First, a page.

BLOG – ON MY EASEL

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I hope you enjoy my blog, if you have any suggestions for article topics / topics you would like me to cover, please email me on elisabethhowlett@internode.on.net

Red Flowering Gum, oil on canvas, Elisabeth Howlett, 2015. Original painting 20 x 24 inches / 51 x 61 cm.
Red Flowering Gum, oil on canvas, Elisabeth Howlett, 2015

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Living with Original Art

My first painting this year was a portrait of my brother, Timothy. I had the painting on the go for a year, and finished it during my January holidays. My dear brother passed away 4 years ago of a physical illness none of us knew he had, including himself. So I lost my only brother. But he has been a companion in my studio for some time. Now that the painting is at my parents (it was their 45th wedding anniversary recently), I am keenly missing the painting, as it was a constant reminder of him.  So I’ve found living with original artwork both enriching and endearing, and very meaningful.

Timothy, oil on canvas board, 2016
Timothy, oil on canvas board, 2016

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Flamingo Fever!

As well as my oil paintings, I am currently developing a series of artworks for baby’s nursery and children’s bedrooms.  I am painting these works on acrylic instead of my usual oils. Acrylic has an immediacy which I am finding wonderful!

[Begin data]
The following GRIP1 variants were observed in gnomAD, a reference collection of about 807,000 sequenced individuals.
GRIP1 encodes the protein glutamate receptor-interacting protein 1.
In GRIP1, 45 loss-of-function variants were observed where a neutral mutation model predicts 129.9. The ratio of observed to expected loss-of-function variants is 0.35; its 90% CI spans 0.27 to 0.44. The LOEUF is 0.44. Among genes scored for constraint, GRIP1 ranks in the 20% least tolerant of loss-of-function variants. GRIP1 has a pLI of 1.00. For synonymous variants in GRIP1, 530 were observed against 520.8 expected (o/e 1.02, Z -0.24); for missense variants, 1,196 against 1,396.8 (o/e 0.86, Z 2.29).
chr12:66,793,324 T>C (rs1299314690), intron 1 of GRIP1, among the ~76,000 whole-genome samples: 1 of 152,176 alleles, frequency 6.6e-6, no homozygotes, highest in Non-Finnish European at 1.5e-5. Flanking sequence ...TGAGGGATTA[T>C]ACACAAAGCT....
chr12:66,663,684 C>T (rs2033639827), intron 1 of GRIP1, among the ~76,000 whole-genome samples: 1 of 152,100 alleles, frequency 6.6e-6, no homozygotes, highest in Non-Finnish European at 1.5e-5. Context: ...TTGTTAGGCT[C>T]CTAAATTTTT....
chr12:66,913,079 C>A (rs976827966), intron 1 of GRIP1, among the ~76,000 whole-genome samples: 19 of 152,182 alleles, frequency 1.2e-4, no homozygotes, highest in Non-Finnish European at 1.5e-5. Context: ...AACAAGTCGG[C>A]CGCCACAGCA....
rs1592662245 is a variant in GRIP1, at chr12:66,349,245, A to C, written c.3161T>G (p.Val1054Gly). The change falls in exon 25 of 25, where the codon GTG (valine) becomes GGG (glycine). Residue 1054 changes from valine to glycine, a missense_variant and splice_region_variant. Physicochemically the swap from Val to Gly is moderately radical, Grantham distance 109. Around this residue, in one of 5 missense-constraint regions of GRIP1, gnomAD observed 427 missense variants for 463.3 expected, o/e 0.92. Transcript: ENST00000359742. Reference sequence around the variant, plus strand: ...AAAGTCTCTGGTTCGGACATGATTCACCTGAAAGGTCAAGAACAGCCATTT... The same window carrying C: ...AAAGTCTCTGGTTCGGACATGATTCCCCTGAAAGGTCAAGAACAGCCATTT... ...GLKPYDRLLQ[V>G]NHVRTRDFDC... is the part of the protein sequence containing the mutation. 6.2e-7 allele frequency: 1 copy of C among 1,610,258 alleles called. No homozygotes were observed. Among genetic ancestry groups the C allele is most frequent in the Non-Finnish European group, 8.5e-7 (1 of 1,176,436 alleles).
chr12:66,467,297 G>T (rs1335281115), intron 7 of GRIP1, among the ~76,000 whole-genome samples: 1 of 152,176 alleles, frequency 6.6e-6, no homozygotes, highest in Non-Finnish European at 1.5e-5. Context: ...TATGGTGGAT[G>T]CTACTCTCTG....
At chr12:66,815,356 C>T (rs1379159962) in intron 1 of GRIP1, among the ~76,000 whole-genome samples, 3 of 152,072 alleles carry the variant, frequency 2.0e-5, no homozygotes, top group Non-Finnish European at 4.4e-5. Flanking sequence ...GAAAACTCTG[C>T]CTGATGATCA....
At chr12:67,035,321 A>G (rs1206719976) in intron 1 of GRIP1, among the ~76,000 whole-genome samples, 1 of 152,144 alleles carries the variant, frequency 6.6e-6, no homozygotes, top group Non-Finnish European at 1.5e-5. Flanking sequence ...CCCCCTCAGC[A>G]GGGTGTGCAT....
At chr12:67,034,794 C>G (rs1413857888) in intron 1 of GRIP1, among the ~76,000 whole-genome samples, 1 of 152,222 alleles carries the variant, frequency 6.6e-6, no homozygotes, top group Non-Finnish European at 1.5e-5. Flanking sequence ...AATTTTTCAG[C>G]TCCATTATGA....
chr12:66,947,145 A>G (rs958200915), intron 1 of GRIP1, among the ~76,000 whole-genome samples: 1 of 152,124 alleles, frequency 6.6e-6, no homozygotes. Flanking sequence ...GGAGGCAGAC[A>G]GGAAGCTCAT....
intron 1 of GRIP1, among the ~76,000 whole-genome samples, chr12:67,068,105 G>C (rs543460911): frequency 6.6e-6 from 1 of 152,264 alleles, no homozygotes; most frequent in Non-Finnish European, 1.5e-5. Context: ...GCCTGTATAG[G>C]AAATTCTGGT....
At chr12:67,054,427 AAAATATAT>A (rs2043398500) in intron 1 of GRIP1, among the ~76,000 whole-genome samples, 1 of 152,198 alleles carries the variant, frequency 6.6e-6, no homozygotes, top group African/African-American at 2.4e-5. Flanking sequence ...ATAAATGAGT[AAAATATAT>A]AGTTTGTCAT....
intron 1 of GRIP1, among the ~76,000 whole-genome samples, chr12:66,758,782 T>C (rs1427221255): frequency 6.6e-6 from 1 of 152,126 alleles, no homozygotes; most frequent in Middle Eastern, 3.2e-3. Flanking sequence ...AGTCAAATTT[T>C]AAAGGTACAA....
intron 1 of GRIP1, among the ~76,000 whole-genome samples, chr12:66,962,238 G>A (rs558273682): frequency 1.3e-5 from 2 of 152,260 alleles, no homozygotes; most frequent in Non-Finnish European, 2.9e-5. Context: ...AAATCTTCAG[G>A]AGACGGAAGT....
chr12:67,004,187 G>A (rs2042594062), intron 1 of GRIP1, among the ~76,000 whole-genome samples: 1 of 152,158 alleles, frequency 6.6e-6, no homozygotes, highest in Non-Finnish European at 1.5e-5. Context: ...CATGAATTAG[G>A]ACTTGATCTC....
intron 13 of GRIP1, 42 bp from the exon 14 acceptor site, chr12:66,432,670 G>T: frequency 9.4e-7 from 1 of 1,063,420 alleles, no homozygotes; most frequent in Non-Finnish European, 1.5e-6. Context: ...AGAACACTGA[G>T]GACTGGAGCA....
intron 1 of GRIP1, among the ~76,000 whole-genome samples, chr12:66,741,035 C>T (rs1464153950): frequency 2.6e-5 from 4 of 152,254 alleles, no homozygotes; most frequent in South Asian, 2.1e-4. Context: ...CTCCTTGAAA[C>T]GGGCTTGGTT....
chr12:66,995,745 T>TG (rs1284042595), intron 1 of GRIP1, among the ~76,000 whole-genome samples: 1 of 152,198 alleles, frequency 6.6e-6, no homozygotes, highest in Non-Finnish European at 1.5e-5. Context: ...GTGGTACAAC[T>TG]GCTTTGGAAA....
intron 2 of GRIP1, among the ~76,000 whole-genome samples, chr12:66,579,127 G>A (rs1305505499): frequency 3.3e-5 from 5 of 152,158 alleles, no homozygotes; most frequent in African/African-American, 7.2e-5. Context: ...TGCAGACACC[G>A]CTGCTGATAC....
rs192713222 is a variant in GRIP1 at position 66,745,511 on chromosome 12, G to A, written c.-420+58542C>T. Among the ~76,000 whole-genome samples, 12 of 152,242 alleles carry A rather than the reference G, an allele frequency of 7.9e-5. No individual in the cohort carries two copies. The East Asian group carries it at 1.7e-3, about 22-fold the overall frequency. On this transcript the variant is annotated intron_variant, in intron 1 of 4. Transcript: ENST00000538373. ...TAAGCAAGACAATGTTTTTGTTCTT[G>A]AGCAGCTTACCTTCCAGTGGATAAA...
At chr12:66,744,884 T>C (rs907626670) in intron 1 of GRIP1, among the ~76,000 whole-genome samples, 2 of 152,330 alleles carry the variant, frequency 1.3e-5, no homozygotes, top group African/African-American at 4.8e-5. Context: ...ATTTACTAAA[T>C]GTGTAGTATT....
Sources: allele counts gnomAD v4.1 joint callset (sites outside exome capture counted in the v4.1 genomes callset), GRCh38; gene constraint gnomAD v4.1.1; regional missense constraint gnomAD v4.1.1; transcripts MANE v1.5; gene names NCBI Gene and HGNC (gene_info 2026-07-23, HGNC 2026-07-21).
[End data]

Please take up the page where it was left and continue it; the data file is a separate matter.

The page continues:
In my last blog I featured my daughter Alice’s 2 oil paintings, (see below). Well there’s another painting in my Alice’s room now, I completed it the day before her 5th birthday party.  I painted it in acrylic, as it needed to dry in time for the party game “Pin the Tail Feather on the Flamingo“.  It was a hit!

Pin the tail feather on the flamingo, acrylic in Masonite board, Elisabeth Howlett, 2015
Pin the tail (feather) on the Flamingo, 30 x 90 cm, acrylic in Masonite board, Elisabeth Howlett, 2015

 

 

 

 

 

 

 

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What is a giclee print?

Have you heard of the term giclee print?

A giclee print is a printed digital reproduction of an artwork.

I’ve had gallery quality giclee (pronounced zee-clay) prints made for many of my paintings.

The top 5 reasons I reproduce my original oil paintings:

  • I started my art-life out in printmaking, where multiple copies can be made from a single plate or block.
  • High quality printed reproductions of paintings make art comparatively accessible and affordable.  I believe art should be made available to as many people as possible.
  • In the technological age, it is possible to obtain a very accurate reproduction of an oil painting, and whilst is a significant investment, it is economically viable.
  • Taking reproductions has many commercial applications.  Aside from selling the print as wall art, I have also have a range of high quality greeting cards, gift cards, and gift tags. There are many more possibilities. 
  • Being a trained lawyer, I like to keep copies of everything!

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Botanic Gardens Water Lillies

During 2009, I worked in the Botanic Gardens of Adelaide headquarters – the Goodman Building, on Hackney Road in Adelaide.  There I conducted a legal review of legislation protecting South Australia’s conservation and biodiversity.  I loved every moment of that role. Having returned to studies in environmental planning and management, it was the type of role I was hoping to engage in.

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Welcome to “On My Easel”

A very big welcome!!

This is my first post since I published my website.

Since then, my art practice has ramped up a few notches.  It has been a very exciting and productive time for me.  I have taken a couple of opportunities which have arisen.

First, There was an opportunity to participate in a SALA exhibition:

Adelaide Hills Point of View – Artwork inspired by your perspective of the Adelaide Hills.